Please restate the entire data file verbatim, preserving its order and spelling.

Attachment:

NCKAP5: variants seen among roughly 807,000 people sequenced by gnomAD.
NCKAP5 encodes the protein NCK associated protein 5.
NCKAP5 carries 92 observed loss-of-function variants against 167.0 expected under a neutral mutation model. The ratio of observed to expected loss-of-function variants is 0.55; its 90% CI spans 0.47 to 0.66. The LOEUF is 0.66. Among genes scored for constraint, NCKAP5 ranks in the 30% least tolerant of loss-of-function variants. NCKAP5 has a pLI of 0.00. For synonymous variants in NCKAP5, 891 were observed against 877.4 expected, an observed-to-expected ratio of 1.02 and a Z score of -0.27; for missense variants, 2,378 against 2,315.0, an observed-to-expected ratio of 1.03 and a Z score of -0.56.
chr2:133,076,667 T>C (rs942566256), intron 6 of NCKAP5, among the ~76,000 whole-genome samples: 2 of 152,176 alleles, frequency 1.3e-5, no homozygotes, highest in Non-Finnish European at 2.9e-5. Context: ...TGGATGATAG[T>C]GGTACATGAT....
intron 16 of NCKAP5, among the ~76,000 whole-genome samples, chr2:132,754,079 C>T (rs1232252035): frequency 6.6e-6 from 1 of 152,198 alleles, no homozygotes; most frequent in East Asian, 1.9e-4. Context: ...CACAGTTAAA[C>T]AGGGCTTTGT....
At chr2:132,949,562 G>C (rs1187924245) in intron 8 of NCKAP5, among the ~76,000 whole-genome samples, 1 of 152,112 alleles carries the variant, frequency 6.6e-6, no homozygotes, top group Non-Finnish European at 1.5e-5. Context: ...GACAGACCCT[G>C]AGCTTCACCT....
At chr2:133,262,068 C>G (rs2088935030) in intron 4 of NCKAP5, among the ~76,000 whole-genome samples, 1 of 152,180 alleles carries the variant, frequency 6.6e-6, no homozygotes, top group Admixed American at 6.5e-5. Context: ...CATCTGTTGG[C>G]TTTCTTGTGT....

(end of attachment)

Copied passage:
NCKAP5: variants seen among roughly 807,000 people sequenced by gnomAD.
NCKAP5 encodes the protein NCK associated protein 5.
NCKAP5 carries 92 observed loss-of-function variants against 167.0 expected under a neutral mutation model. The ratio of observed to expected loss-of-function variants is 0.55; its 90% CI spans 0.47 to 0.66. The LOEUF is 0.66. Among genes scored for constraint, NCKAP5 ranks in the 30% least tolerant of loss-of-function variants. NCKAP5 has a pLI of 0.00. For synonymous variants in NCKAP5, 891 were observed against 877.4 expected, an observed-to-expected ratio of 1.02 and a Z score of -0.27; for missense variants, 2,378 against 2,315.0, an observed-to-expected ratio of 1.03 and a Z score of -0.56.
chr2:133,076,667 T>C (rs942566256), intron 6 of NCKAP5, among the ~76,000 whole-genome samples: 2 of 152,176 alleles, frequency 1.3e-5, no homozygotes, highest in Non-Finnish European at 2.9e-5. Context: ...TGGATGATAG[T>C]GGTACATGAT....
intron 16 of NCKAP5, among the ~76,000 whole-genome samples, chr2:132,754,079 C>T (rs1232252035): frequency 6.6e-6 from 1 of 152,198 alleles, no homozygotes; most frequent in East Asian, 1.9e-4. Context: ...CACAGTTAAA[C>T]AGGGCTTTGT....
At chr2:132,949,562 G>C (rs1187924245) in intron 8 of NCKAP5, among the ~76,000 whole-genome samples, 1 of 152,112 alleles carries the variant, frequency 6.6e-6, no homozygotes, top group Non-Finnish European at 1.5e-5. Context: ...GACAGACCCT[G>C]AGCTTCACCT....
At chr2:133,262,068 C>G (rs2088935030) in intron 4 of NCKAP5, among the ~76,000 whole-genome samples, 1 of 152,180 alleles carries the variant, frequency 6.6e-6, no homozygotes, top group Admixed American at 6.5e-5. Context: ...CATCTGTTGG[C>G]TTTCTTGTGT....